Lebombo crisis: lack of law enforcement lambasted

Lebombo crisis: lack of law enforcement lambasted

July 11, 2023

The Komatipoort Business Chamber (KBC) has issued a strongly worded statement against “the despicable failure of the State to exercise effective traffic management” of ore-carrying trucks bottlenecking at South Africa’s Lebombo border into Mozambique.

According to KBC chairperson, Jan Engelbrecht, the statement was issued after the latest high-level meeting between public and private-sector executives about the cross-border congestion stemming from increased freight flowing to the Port of Maputo.

This morning, 11 July, traffic control by various taxi associations commuting passengers up and down the N4, continues to provide a semblance of law and order, especially at night when traffic officials withdraw from the highway because of not getting paid overtime and fearing for their lives.

He said that although it’s not ideal to have taxi bosses as an after-hours alternative, “it helps!”

“But it’s not a long-term solution.”

Referring to an incident last Friday night when a truck driver pulled a firearm because he apparently felt threatened by taxi marshals, Engelbrecht said: “What if that had led to someone getting shot?”

Against this backdrop of fear, frustration and intimidation, resulting from the inability of authorities to facilitate trade on the busy Maputo Corridor, the statement serves as public condemnation for the situation that has developed on the small community’s doorstep.

“The marshals and taxi associations have assumed the role that the State fails to fulfil, and to the shame of the State attained what the State has been requested to do,” the statement says. –

Engelbrecht stressed that the present situation is neither condoned nor is its continuation advocated for.

He reiterated what is contained in the KBC statement, that the risk of having taxi marshals acting as law enforcers “may at any moment spiral out of control.”

A taxi official representing JNB Taxi Association (TA) and Joburg and Maputo TA, Thomas Malwane, said they decided to get involved because at night when trucks skip the days-long queue in a desperate ‘dash’ for the border, the ensuing congestion renders the road impassable.

In the absence of official law enforcement, with only a few police officers brave enough to man the crime-ridden area close to the border’s control zone gate, commuters get robbed and raped, he said.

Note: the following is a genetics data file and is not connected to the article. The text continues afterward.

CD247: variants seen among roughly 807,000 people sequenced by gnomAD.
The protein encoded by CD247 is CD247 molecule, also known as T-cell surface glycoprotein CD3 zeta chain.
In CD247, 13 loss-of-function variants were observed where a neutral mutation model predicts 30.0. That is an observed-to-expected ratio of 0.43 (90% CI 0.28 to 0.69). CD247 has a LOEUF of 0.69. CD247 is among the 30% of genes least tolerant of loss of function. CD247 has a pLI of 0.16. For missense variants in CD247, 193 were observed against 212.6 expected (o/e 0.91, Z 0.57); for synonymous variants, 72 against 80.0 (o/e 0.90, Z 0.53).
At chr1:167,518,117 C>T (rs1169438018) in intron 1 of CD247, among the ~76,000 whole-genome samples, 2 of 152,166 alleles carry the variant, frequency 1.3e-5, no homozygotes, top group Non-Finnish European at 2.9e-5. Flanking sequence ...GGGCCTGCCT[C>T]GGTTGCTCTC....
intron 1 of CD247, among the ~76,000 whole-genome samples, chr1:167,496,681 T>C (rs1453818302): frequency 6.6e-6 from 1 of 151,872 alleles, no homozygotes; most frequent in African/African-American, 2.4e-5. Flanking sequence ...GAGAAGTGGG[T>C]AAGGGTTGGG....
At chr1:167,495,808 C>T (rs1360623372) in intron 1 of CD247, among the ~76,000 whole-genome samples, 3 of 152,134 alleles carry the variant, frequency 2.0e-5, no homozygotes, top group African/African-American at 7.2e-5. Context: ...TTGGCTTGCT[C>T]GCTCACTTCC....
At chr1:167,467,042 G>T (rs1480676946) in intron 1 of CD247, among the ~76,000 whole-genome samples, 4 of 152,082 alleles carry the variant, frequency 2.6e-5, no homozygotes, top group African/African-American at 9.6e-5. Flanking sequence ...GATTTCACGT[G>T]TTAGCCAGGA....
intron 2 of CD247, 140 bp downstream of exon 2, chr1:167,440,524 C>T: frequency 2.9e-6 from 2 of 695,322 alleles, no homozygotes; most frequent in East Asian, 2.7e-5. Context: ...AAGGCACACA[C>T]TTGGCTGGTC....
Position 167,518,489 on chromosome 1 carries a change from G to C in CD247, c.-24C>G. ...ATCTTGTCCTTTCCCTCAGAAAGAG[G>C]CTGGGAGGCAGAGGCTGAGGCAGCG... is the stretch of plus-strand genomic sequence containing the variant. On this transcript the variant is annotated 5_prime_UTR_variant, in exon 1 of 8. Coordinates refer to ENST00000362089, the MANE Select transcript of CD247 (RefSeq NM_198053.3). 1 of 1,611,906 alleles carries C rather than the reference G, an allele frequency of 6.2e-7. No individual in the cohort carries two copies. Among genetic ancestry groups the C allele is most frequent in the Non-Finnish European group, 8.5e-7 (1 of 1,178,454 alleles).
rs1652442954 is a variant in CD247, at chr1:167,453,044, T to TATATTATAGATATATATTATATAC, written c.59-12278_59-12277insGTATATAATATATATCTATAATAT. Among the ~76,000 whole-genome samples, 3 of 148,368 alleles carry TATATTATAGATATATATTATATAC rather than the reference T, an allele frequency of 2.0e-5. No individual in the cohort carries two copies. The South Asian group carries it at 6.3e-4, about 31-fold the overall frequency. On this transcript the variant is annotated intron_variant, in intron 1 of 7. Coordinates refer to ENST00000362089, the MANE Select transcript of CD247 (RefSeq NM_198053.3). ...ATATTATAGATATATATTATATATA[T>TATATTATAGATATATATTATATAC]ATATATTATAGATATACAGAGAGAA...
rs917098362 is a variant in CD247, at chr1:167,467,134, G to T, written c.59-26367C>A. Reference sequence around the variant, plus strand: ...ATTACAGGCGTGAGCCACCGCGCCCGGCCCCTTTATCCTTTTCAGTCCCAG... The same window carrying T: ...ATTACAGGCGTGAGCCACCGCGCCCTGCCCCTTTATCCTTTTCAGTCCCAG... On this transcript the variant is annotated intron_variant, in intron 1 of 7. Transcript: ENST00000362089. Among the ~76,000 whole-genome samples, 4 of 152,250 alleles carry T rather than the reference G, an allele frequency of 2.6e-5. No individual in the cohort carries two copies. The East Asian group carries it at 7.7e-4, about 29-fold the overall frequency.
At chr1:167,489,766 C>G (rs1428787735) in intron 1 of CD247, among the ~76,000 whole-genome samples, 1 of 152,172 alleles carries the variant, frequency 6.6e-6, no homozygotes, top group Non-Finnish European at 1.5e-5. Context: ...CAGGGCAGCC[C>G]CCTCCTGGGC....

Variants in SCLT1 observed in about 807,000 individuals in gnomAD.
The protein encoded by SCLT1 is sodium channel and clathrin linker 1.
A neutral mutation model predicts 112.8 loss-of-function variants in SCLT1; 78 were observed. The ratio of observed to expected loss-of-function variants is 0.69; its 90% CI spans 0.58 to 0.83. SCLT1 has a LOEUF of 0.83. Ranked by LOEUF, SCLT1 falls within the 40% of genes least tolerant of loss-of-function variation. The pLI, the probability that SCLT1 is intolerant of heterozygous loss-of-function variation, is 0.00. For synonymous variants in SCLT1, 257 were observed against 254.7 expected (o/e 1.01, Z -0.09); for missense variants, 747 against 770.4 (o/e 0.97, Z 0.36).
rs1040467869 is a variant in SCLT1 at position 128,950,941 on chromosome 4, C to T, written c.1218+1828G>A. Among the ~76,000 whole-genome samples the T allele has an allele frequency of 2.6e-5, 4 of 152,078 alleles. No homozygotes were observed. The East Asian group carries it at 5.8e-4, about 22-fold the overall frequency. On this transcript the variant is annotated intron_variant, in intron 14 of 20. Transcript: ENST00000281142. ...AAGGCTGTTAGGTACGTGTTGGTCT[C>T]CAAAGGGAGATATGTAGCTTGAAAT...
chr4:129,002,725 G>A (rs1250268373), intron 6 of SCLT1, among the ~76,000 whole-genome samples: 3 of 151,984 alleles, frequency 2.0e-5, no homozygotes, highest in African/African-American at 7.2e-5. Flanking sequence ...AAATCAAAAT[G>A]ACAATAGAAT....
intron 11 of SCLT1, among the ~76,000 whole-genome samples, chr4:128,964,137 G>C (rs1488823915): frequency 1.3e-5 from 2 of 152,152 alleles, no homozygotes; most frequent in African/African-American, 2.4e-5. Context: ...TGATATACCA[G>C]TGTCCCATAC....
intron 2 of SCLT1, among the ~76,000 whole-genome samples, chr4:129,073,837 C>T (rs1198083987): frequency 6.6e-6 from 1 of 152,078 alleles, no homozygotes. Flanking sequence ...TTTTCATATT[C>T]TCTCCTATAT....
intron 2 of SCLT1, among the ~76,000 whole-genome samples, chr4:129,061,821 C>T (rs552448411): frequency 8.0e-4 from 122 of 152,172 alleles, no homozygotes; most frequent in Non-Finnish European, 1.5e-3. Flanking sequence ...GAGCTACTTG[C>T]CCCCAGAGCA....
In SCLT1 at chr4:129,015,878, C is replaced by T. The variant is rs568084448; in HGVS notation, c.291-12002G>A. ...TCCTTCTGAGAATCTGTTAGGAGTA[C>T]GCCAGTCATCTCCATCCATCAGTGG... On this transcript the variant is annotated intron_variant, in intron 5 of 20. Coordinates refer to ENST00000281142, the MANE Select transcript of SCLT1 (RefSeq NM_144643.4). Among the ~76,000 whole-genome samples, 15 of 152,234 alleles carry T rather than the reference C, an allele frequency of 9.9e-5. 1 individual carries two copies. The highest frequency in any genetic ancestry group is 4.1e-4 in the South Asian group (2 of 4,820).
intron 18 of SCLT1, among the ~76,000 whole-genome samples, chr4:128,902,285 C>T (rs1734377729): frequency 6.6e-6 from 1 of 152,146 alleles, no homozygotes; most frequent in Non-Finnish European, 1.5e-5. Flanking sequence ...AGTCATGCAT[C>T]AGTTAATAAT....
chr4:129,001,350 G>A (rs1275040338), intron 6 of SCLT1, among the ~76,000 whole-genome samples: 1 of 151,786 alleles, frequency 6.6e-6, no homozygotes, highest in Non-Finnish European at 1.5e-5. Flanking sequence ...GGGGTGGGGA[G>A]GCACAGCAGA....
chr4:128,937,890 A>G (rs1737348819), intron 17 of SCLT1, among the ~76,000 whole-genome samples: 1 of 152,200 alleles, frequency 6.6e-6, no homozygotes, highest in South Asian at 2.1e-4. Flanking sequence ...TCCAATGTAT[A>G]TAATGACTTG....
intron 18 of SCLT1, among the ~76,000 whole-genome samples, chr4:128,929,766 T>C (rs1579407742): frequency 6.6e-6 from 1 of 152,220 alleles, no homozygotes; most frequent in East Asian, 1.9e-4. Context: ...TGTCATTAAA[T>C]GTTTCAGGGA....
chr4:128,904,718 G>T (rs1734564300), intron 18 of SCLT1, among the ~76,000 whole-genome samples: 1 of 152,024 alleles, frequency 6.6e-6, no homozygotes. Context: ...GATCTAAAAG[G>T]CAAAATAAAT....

“People are too scared to use taxis,” Malwane said.

“At the end of the day, it’s killing our business.”

One mob element deserves special mention – The Challengers, a heavily armed gang that comes through at night from Ressano Garcia on Mozambique’s side of the border, preying on people stuck in the queue.

“You don’t want to mess with them,” a law enforcement expert and anonymous source told Freight News.

“They’ll drag you into the nearby bush and take you out. They’ve been known to kidnap drivers waiting in the queue, demanding ransom from their employers and aren’t scared to maim and murder if they don’t get what they want.”

Another taxi official, Salvador Macamo, founder and owner of the Vaal Maputo TA, said if trucks are found skipping the queue, they are turned around and sent to the back of the line.

“All we want is for the road to be kept open,” he said.

Engelbrecht agrees. He said transporters and their drivers must understand that although the current waiting time at the border is intolerable, often taking trucks 48 hours or more before crossing into Mozambique, truckers have no right to congest the road by skipping the queue.

In an earlier interview with Freight News, Engelbrecht mentioned that the drivers, left to their own devices by derelict law enforcement, seek safety in numbers by physically closing ranks.

The KBC statement says there is an “immediate need for effective traffic management by the traffic department on the N4 at the border gate3, the Komatipoort area, Hectorspruit, and Malane.”

It asks, among other things, for the 24-7-365 “deployment of enough staff to effectively manage a single-file stacking of trucks for a distance of up to 28km” from the border.

In addition, it advocates for “effective law enforcement, arrests where double barrier lines are crossed”, and the “strict application of a policy of no corruption and no bribery by the deployed staff”.

  • Further reporting on this matter to follow in the oncoming days.

Watch the interview we had with the taxi bosses here: 

 

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